Pattern Formation in Synthetic Bacterial Colonies
Our synthetic biology project explores the engineering and control of cell differentiation in multi-cellular systems. In particular, we will analyse the phenotype differentiation of microbial colonies guided by the interchange of molecular signals. We have included in the design of our circuit transcriptional and post-transcriptional levels of regulation. The transcriptional control is exerted by the regulators LuxR and RhlR, which bind to their cognate molecular signals 3-oxo-C6-HSL (3OC6) and C4-HSL (C4), respectively. These regulators are part of two orthogonal quorum sensing systems, the rhl system from Pseudomonas aeruginosa and the lux system from Vibrio fisheri. Moreover, we used four well characterised repressors LacI and TetR (from Escherichia coli), CI and CI434 from phage lambda and bacteriophage 434, respectively. The system is also regulated at the post-transcriptional level. This control consists of a theophylline responsive riboswitch regulating translational initiation. Furthermore all the regulators and the enzymes present in the circuit were tagged with degradation tags (a fast- degradation tag and a slow-degradation tag), which conferred different half- lives to the corresponding proteins. The resulting phenotypes are associated to the expression of two fluorescent proteins (GFP and RED-Mcherry) and two signal molecules 3OC6 and C4 synthesised by the LuxI and RhlI.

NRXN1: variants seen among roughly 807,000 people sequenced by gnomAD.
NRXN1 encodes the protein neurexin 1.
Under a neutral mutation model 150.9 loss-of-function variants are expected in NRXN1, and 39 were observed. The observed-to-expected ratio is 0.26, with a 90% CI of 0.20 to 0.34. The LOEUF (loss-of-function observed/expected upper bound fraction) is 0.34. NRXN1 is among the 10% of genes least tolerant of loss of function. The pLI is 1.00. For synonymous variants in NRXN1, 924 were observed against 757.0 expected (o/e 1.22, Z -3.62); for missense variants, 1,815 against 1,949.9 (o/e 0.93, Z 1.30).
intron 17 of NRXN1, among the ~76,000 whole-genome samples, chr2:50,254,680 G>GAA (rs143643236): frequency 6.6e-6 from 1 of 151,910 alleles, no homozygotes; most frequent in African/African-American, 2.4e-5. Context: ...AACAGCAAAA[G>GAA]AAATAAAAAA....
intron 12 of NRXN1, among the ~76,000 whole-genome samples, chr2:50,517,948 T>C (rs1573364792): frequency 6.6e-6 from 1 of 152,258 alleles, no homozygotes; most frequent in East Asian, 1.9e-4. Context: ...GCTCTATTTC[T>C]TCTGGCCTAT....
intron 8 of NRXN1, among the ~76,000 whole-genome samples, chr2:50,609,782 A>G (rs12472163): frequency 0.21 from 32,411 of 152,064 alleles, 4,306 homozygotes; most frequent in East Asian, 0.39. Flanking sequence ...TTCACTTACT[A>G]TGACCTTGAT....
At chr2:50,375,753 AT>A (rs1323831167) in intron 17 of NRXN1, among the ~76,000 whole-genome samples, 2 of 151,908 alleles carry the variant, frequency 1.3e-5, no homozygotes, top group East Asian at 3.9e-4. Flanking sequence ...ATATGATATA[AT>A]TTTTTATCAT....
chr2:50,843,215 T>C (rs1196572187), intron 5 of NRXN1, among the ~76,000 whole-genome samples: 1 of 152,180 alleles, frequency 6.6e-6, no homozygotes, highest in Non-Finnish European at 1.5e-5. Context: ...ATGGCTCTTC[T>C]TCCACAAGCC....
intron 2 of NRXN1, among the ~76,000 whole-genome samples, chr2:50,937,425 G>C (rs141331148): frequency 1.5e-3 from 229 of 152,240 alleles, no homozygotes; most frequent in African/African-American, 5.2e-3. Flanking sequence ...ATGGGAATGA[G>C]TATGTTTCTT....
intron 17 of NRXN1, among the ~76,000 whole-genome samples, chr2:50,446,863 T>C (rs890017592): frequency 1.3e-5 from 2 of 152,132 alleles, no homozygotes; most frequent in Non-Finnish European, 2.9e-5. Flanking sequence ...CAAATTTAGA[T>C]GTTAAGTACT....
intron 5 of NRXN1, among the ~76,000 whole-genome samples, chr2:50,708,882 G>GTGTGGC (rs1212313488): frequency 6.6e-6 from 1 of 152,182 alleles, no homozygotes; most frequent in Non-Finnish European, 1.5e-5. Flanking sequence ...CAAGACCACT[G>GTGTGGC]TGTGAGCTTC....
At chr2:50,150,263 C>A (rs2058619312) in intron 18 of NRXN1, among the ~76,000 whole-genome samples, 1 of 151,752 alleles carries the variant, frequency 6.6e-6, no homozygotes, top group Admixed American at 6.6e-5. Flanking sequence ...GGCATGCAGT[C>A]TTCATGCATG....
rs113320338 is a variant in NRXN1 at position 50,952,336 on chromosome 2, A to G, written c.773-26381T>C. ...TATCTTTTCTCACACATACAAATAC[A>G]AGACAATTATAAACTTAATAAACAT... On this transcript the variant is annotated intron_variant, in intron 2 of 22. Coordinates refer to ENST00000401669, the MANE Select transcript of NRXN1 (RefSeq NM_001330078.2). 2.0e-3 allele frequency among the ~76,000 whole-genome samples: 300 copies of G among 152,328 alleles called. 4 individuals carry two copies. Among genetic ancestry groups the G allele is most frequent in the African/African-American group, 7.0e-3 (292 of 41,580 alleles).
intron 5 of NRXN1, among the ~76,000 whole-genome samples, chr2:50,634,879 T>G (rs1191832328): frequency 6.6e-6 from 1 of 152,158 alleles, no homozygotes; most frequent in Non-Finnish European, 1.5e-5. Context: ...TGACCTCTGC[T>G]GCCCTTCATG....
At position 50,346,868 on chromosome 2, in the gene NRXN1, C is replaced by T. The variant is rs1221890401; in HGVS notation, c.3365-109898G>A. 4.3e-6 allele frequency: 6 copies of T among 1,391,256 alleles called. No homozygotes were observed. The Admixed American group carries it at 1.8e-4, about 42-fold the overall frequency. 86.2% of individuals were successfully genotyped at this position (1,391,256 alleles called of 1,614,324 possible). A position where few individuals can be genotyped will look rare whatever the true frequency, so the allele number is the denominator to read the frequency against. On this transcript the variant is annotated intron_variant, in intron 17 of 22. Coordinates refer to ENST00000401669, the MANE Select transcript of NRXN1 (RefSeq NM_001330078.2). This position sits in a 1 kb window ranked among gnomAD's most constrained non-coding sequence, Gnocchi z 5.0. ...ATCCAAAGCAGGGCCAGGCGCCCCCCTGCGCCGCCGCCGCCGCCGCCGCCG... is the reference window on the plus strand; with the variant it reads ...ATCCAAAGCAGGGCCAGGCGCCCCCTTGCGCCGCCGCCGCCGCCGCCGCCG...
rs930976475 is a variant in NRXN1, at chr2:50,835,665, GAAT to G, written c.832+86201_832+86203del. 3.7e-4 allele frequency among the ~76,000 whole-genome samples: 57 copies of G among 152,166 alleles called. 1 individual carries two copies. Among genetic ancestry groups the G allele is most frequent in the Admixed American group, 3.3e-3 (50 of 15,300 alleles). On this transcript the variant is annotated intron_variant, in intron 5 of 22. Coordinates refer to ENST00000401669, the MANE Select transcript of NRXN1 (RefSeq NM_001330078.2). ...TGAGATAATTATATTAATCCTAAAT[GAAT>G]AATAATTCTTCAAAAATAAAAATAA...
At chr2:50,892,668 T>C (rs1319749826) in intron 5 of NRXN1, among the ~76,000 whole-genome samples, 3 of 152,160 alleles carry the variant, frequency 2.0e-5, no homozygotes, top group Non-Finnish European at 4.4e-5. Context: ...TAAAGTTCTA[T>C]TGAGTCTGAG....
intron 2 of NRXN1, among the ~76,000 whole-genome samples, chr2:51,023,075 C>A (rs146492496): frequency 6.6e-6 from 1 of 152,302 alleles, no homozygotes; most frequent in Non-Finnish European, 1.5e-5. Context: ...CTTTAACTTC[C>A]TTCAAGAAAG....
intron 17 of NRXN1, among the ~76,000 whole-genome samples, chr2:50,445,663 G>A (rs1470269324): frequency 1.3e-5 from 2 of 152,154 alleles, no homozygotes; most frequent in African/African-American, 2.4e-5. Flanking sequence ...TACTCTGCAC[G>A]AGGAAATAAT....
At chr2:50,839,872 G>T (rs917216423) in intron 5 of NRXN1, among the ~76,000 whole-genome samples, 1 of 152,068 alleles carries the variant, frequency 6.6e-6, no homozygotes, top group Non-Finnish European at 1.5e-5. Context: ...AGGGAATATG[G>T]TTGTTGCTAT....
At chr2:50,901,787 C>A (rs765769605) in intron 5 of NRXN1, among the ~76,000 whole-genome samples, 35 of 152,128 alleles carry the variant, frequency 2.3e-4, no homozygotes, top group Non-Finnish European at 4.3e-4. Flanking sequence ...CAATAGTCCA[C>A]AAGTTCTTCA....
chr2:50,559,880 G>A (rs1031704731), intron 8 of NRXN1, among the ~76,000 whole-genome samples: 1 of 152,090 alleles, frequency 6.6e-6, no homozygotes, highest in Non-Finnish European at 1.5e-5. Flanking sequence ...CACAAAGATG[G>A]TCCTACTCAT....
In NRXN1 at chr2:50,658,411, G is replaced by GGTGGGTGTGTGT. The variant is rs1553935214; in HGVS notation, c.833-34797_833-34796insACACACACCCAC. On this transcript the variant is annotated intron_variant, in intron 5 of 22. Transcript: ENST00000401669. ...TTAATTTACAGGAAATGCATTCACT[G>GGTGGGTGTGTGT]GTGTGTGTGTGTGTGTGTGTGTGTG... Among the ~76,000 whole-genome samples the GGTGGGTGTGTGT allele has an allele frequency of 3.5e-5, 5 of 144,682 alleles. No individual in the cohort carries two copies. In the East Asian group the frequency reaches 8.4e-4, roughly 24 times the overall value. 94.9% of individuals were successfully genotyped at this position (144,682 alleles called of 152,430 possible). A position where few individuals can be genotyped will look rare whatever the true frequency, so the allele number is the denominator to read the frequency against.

All these components are wired in a double negative feedback loop genetic circuit, the dynamics of which exhibits a bi-stable behaviour. The system modulates the expression of two possible phenotypes depending on the signal that is first sensed. If the system receives first C4 it becomes insensitive to 3OC6 and starts producing 3OC6 and RED-Mcherry (red phenotype). On the other hand, if the system receives first 3OC6 it becomes insensitive to C4 and produces C4 and GFP (green phenotype).
Our synthetic double negative feedback loop has been designed using our software tool, Infobiotics workbench, that unites computational and molecular biology protocols by providing a multi-compartmental and rule-based modelling language, and related analysis tools, with a library of modular components modelling the different parts of our system. The instantiation and combination of these modules corresponds to different lab protocols such as ligations and transformations. Computer simulations of an initially homogeneous culture of bacteria carrying our design predict the emergence of spatial patterns consisting of alternating green/red stripes.